An image from my recent hike on Pu’u Wa’a Wa’a. This has a bit of a mysterious look about it and a definitely mysterious subject. I have no idea what it is or when I took it, but I kind of liked the look of it.
Posted for Becky’s Squares theme of “Walking” (See more responses here).
A week ago, I posted (here) about a Wiliwili tree flowering at the foot of Pu’u Wa’a Wa’a. Wiliwili (Erythrina sandwicensis) is endemic to Hawaii and grows in dry forests on the leeward side of the island. Pu’u Wa’a Wa’a is one such place. While I’ve hiked here several times before, this is the first time I’ve seen a Wiliwili flowering.
Wiliwili is unusual for an Hawaiian tree in that it’s deciduous, dropping it’s leaves during summer droughts. It’s pollinated by birds, but on this day bees were the primary visitors.
Wiliwili seeds are easy to germinate and grow but, like many Hawaiian plants, it has been in decline, losing out to more robust non-native plants and to herbivores. The arrival in Hawaii of a a gall wasp, Quadrastichus erythrinae, greatly exacerbated the situation. However, biocontrol responses have been effective and the situation has been stabilized.
Pu’u Wa’a Wa’a is a cinder cone on the slopes of Hualalai volcano. The name means “many-furrowed hill,” and it’s a place I like to walk at least once a year, but it had been a while since I was up there. Usually, I go there in the spring when Jacarandas and other flowers are blooming. I also try to go in the early morning, since the area tends to cloud up during the day and the wonderful views become obscured.
A couple of weeks ago I made a late decision to do the hike again since the weather looked unusually good. I got there around 2pm and it will come as no surprise that I spent the first 15 minutes of the hike taking photos of Williwilli flowers on a tree about 20 feet from where I parked! (More of those in a few days.)
The trail follows an old road up the hill past Silk Oak trees, at the tail end of their flowering and sporting a deep red hue I hadn’t seen before. Turn around, and there are good views of Maui to be had. The old road peters out near an old blockhouse, now lacking doors and windows, which offers shelter to livestock on the ranch here. Off to one side is an old quarry, which cuts into the side of the hill. Usually there are goats in this area, but I didn’t see any on this day. Farther up is what’s left of Tamaki Corral, which dates back around 100 years.
Not far after the corral, the trail climbs steeply toward the top. This was where I found a change in the trail. Whereas before the trail was an out-and-back up a steep slope to the top, now a loop has been created. I took this new option to the top where, on this remarkably clear late afternoon, I had great views of Maui, Kohala Mountain, Mauna Kea, Mauna Loa, and Hualalai. A new sign at the top welcomes hikers to the nearly 4,000 foot summit, and there’s a survey marker at the top riddled with holes, not from gunfire, but to let the wind blow through. There are also a couple of benches where one can sit a while enjoying the views (weather permitting). The hike is steep in places, but not difficult, though not everyone makes it back alive!
I followed the old trail back down and ran into several sheep, which have the run of the land up here, as the sun dipped behind the ridge.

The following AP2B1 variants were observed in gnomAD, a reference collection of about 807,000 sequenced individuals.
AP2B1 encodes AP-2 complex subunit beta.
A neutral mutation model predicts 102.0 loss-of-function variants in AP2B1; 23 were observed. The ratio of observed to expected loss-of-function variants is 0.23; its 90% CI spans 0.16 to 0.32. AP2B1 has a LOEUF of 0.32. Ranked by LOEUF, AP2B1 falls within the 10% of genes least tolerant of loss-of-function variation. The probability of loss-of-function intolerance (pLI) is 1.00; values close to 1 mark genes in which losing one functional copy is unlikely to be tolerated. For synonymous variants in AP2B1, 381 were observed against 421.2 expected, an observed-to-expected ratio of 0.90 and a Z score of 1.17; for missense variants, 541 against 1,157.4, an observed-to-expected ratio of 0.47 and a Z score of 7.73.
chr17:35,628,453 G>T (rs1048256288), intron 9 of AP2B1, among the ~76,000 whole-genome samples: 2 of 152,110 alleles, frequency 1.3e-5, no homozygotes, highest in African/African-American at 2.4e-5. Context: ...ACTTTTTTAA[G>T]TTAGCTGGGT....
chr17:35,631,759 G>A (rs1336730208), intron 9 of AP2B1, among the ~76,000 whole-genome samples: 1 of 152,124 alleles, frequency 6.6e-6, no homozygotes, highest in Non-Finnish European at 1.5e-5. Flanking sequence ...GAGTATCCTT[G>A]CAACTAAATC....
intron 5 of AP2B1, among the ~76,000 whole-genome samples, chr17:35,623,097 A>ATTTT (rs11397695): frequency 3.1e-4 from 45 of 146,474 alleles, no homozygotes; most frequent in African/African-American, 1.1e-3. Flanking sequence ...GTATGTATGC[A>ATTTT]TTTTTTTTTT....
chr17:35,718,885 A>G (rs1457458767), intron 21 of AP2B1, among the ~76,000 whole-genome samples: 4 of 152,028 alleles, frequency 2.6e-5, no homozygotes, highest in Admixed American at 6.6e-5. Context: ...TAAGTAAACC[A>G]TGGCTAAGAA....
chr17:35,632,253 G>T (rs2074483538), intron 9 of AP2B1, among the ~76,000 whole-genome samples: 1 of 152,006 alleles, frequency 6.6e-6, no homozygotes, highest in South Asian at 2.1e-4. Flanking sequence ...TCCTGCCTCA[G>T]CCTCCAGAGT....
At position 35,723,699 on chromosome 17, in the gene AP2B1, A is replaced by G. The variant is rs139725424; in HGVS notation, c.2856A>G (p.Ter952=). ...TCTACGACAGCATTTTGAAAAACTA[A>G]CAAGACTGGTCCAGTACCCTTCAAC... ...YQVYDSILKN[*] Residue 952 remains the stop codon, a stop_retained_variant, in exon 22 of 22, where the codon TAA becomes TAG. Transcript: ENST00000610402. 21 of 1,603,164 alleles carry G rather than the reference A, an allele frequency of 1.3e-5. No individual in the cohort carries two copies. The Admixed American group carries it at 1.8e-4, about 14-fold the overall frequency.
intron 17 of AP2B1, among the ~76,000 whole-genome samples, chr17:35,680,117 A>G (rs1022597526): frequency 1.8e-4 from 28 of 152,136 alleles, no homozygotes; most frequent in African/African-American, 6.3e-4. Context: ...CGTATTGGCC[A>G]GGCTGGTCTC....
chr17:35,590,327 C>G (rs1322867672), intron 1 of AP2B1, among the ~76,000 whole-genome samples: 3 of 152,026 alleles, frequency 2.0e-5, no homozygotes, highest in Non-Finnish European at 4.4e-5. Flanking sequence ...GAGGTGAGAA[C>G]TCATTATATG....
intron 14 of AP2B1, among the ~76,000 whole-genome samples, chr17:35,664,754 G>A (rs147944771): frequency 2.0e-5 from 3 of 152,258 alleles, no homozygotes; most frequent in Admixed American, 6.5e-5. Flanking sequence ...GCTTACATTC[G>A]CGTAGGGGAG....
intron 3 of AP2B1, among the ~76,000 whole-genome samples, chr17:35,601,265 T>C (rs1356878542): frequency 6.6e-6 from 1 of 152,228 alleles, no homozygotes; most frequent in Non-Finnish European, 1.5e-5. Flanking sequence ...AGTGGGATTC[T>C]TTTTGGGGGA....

One other difference I noticed with this afternoon hike was the proliferation of birds. There were large numbers of finches, mostly Saffron Finches flitting about, preparing to roost for the evening. Yellow-fronted Canaries were all over the tree tobacco flowers. I also saw, and heard, several Erckel’s Francolins doing their usual fine job of blending in with the vegetation.
And as I walked back down the hill towards my car, the late afternoon sun still shone, illuminating grasses alongside the trail.
I saw this cow on a little hump of land at Pu’u Wa’awa’a and was struck by the pose. It was so bulky and muscular, I thought it was a bull at first. It’s definitely not a dairy cow though. That would be too terrifying to think about.
Pu’uanahulu is a small community not far from Pu’u Wa’awa’a, where I like to hike. This small Baptist church sits at one end of the community and is backed by trees including the jacaranda that was in bloom when I took this photo.
Posted in response to Becky’s July Squares challenge theme of ‘Trees.’ See more responses here.
This week’s Sunday Stills challenge theme is ‘Great Outdoors.’ See more responses here.
In Hawaii, people spend a great deal of time outdoors. It’s common for people to have an outdoor kitchen, sometimes their only kitchen, sometimes a second one where a barbecue is the featured cooking apparatus. Carports often feature chairs and tables with cars parked elsewhere. The lanai, or deck, is as well-used as any room in the house.
Outdoor activities are popular here, too. Many involve the ocean and its inviting water: swimming, snorkeling, paddling, and of course surfing. Plenty of people go fishing and hunting, longtime sources of food for the table.
For me, experiencing the great outdoors primarily involves hiking and snorkeling. Hiking isn’t especially popular here, especially along the coast where it can get quite hot. I get strange looks when I hike the length of popular beaches togged out in hiking gear, including shoes, hat, and fanny pack loaded with water. For most, the beach is a place for stretching out and broiling in the sun, not actively working up a sweat.
The vast majority of photos on this blog are taken in the great outdoors. These photos are a small selection of things I’ve seen while out and about, from sweeping views to birds and bugs.